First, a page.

- Don’t open the refrigerator or freezer. Because fridges and freezers are insulated, food can stay good for a couple of hours. Freezers that are half full should stay frozen for 24 hours, and full freezers should stay frozen for 48 hours. Refrigerators will warm up quickest so monitor temperatures with a thermometer before you eat any food. Do not eat food with a temperature above 40 degrees, or that has an unusual odor, color or texture. When in doubt, throw it out! If the power is out for more than a day, discard any refrigerated medication, unless the drug’s label says otherwise. Consult your doctor or pharmacist immediately for a new supply.
- Don’t use candles for light. Flashlights are always a safer option.
- Don’t waste hot water. Until the power returns, you may have limited amounts of hot water, so use it sparingly.
- Avoid the stove. Using a gas stove or oven will add more heat to your kitchen and living areas, so best to ride out the outage with sandwiches, salads and other cool meals.
- Drink plenty of water and protect yourself from the sun. The first symptoms of heat exhaustion may be confusion or disorientation. Take a break, drink lots of water and wear high SPF sunscreen, hats, sunglasses and long sleeves to protect your skin and eyes from harsh rays.
- Check on your family, friends, and neighbors. Adults over 65, children under 4, and people with existing medical conditions such as heart disease and those without access to air conditioning are at highest risk on days with high temperatures. Call and check on family, friends, and neighbors who may be at high risk and ensure access to heat relief and hydration.
- Locate the nearest cooling center. San Antonio has more than 30 cooling centers to help you beat the heat. Residents can call 3-1-1 to find a location near them or visit this link. Trip Planning, VIA’s personal trip planner, can help find a bus route to the nearest cooling station. VIA is offering free trips to those headed to a cooling center. For more information on using VIA to get to a cooling center, visit this link. Cooling centers will observe COVID-19 precautions, including face coverings, screening, sanitation, and social distancing guidelines.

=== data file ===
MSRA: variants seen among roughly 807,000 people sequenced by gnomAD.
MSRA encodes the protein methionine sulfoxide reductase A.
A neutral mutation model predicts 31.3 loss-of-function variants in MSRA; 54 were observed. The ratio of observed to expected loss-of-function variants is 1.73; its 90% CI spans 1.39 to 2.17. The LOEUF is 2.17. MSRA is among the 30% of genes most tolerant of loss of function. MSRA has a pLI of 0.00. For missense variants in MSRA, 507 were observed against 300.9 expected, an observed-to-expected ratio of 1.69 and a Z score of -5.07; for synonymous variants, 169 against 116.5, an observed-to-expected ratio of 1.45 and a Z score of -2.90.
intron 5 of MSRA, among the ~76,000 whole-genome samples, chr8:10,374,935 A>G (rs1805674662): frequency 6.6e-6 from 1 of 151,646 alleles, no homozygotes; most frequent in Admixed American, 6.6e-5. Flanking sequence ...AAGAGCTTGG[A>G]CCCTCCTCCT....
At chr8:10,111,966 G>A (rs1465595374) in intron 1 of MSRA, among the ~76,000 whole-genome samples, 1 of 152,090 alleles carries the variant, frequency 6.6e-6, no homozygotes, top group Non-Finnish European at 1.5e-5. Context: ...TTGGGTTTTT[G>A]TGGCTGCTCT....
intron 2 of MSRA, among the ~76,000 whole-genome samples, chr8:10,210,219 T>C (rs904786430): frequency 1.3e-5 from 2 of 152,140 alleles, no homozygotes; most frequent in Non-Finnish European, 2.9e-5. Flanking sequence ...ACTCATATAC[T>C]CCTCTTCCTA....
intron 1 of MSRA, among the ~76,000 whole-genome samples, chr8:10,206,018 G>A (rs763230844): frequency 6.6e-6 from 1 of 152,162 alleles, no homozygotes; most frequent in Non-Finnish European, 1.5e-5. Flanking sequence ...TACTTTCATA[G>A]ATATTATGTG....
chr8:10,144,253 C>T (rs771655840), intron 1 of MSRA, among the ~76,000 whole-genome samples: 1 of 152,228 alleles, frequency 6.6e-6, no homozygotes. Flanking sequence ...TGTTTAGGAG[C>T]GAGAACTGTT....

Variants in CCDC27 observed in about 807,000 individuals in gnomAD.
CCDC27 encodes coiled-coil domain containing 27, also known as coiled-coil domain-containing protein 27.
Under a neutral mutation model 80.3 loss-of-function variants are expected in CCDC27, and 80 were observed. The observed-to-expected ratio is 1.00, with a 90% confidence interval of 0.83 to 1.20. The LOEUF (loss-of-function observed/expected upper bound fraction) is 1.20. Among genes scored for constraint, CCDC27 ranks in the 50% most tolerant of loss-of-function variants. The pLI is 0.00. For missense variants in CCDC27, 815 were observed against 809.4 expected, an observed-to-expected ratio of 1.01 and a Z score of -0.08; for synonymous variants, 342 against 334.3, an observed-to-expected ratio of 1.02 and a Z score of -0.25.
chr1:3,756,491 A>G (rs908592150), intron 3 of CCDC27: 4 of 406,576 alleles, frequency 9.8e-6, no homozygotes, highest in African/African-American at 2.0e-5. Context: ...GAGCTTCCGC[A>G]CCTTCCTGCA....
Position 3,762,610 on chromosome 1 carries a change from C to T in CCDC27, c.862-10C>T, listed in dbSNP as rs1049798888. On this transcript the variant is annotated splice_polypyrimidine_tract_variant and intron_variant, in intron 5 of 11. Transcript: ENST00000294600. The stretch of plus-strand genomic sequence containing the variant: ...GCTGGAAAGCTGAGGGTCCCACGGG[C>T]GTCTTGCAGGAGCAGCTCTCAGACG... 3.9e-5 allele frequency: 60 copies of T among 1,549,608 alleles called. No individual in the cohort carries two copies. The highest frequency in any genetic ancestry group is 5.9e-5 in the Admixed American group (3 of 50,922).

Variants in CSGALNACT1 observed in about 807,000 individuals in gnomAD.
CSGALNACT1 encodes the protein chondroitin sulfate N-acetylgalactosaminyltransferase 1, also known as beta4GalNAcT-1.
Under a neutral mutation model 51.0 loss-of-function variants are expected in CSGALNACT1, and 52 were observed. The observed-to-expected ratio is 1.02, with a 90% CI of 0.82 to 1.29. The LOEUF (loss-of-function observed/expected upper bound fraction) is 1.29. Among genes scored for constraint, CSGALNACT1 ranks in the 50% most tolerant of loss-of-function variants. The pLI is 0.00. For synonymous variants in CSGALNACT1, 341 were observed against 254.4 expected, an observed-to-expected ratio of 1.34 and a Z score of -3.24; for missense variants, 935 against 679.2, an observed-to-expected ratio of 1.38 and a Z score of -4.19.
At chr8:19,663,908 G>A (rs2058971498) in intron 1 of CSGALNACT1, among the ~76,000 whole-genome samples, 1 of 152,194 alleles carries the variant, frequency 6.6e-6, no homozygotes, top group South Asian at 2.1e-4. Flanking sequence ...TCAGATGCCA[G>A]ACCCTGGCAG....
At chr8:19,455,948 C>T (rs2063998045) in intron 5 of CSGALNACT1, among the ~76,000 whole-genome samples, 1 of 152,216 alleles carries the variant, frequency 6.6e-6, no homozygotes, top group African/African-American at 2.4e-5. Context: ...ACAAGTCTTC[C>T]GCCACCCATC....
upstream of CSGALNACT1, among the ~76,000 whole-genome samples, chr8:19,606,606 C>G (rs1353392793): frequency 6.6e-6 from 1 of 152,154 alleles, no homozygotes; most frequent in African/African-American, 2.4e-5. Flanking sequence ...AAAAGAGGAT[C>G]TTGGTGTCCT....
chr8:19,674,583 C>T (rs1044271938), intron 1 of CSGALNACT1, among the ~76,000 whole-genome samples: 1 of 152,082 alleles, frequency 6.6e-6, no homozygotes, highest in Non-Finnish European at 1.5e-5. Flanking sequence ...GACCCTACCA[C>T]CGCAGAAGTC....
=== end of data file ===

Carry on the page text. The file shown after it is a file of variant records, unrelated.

About San Antonio Housing Trust
San Antonio Housing Trust (SAHT) is a fund established with a $10 million corpus by the City of San Antonio governed by a Board of Trustees appointed by the San Antonio City Council. SAHT also manages a 501(C)(3) Foundation, a Public Facility Corporation, and a Finance Corporation. Together, on behalf of the City of San Antonio, SAHT works to create and preserve housing that is affordable, accessible, attainable, and/or sustainable. We provide education, resources, and strategic partnerships with affordable-housing-related charities, social enterprises, and builders. This creates a community that builds and sustains neighborhoods, empowers residents, and provides positive equitable outcomes.
About San Antonio Apartment Association
The San Antonio Apartment Association (SAAA) is a non-profit trade association composed of diverse groups representing and serving the multi-family and rental housing industry whose purpose is to promote professionalism through education, provide a means of communication to our members, and participate in the legislative process and support the surrounding communities.
The Association comprises more than 1,500 Property Owners, Management Companies, and Multi-family Communities representing more than 211,000 rental units. Our membership includes more than 360 supplier companies providing products and services to the local rental housing industry.